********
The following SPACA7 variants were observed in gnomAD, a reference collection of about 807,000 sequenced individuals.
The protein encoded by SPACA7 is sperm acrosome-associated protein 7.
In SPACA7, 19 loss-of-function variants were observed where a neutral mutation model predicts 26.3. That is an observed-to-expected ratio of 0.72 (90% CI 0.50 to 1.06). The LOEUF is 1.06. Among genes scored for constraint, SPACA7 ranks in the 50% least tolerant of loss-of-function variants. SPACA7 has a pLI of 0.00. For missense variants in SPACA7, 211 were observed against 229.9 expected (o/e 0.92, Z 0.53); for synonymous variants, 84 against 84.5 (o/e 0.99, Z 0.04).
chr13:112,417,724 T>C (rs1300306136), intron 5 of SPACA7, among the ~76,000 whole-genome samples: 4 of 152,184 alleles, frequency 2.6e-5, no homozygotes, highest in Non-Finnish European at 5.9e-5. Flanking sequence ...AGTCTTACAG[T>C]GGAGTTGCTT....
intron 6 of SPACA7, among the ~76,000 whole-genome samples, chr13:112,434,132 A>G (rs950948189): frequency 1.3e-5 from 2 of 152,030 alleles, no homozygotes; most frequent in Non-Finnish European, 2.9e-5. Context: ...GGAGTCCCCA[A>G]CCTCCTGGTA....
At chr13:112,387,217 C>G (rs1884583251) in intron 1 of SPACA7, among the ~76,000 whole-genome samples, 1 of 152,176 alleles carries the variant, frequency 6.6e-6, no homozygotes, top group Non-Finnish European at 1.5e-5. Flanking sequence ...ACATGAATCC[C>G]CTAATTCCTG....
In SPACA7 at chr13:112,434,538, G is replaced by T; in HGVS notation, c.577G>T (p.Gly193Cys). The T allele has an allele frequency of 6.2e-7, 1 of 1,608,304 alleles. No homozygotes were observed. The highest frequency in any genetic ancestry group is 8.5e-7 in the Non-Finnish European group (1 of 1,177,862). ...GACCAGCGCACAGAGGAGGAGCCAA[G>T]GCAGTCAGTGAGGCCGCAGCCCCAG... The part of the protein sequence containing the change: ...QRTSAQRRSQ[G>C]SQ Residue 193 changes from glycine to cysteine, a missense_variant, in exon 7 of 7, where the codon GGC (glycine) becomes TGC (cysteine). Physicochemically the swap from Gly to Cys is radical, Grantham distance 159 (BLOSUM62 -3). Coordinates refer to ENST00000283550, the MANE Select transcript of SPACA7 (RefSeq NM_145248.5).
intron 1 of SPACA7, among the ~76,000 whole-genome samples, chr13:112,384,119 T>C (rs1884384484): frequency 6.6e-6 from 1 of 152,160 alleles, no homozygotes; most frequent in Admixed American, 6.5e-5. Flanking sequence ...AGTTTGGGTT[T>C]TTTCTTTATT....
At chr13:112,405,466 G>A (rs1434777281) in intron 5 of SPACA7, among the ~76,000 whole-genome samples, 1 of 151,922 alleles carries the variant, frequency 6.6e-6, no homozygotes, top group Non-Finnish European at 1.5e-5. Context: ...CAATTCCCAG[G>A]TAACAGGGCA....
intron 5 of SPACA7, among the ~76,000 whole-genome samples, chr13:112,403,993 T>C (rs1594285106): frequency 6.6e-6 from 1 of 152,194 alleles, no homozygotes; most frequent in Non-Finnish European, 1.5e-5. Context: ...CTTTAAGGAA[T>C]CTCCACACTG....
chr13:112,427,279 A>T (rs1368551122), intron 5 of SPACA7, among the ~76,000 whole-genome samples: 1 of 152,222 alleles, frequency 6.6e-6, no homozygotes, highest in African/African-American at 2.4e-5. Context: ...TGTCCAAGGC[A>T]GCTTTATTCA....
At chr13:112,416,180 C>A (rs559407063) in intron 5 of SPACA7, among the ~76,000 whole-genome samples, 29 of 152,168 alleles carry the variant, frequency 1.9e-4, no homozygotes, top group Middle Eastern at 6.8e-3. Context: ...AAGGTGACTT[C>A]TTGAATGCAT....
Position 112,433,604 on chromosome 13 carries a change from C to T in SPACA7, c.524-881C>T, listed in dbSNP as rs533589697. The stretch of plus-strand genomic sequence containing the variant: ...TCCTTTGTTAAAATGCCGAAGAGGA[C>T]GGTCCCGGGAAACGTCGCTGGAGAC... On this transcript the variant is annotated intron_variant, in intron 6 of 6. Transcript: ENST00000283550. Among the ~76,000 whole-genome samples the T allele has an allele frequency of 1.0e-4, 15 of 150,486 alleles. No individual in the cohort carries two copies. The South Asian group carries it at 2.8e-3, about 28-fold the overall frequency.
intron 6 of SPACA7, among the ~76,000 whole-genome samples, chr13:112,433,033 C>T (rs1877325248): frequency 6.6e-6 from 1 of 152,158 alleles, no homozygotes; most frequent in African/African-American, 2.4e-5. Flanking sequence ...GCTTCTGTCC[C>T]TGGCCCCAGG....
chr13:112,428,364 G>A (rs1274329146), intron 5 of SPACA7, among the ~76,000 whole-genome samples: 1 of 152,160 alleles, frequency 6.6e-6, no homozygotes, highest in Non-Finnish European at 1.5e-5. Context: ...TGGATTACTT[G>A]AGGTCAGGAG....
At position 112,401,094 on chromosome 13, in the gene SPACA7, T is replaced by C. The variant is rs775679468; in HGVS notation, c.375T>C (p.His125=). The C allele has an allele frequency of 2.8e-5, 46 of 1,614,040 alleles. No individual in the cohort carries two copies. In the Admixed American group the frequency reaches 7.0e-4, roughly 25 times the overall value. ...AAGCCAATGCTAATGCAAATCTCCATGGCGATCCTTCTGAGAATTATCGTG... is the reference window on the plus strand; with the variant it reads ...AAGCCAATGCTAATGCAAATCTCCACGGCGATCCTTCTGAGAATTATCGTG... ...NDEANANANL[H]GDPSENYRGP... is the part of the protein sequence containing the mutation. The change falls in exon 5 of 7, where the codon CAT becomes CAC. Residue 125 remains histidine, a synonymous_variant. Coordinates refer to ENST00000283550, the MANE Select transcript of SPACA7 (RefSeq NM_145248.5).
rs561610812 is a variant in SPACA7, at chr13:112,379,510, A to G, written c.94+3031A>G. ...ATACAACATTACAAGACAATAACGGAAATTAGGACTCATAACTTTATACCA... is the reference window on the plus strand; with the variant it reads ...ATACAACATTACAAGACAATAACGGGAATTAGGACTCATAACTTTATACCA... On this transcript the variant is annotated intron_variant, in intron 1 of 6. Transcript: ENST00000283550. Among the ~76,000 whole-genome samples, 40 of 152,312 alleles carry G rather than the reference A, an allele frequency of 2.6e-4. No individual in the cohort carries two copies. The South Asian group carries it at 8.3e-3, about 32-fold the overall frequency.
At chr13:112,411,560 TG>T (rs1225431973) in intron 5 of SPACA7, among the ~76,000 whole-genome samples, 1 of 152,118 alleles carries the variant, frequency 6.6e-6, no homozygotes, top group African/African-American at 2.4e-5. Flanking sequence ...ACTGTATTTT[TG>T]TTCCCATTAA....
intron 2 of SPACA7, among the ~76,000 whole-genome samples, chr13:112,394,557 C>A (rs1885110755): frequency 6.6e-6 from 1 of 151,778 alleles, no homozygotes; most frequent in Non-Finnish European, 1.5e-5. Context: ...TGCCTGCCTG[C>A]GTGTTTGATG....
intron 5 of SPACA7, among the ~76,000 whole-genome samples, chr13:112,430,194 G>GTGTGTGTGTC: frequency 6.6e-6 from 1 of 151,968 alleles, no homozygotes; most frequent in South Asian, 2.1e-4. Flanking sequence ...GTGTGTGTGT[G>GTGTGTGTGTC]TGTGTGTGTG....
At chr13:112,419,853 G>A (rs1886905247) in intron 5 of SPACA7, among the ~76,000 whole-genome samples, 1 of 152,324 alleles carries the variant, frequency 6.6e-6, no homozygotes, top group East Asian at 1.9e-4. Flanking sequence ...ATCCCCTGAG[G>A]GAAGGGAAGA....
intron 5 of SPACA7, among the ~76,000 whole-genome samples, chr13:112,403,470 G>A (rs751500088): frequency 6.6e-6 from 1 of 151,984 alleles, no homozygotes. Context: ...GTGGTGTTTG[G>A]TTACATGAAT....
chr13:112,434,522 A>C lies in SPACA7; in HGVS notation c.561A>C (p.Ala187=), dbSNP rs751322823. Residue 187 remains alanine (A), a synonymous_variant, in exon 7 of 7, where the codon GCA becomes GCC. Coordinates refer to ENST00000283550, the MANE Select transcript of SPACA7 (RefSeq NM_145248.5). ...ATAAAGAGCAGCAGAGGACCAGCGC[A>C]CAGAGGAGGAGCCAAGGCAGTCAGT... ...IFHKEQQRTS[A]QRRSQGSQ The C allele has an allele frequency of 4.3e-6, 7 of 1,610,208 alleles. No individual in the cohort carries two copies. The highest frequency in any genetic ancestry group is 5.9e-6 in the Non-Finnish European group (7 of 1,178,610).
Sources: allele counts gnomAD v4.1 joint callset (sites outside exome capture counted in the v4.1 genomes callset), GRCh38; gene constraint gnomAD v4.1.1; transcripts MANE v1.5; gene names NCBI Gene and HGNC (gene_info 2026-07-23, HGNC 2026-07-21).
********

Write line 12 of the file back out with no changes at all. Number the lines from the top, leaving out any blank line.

At chr13:112,416,180 C>A (rs559407063) in intron 5 of SPACA7, among the ~76,000 whole-genome samples, 29 of 152,168 alleles carry the variant, frequency 1.9e-4, no homozygotes, top group Middle Eastern at 6.8e-3. Context: ...AAGGTGACTT[C>A]TTGAATGCAT....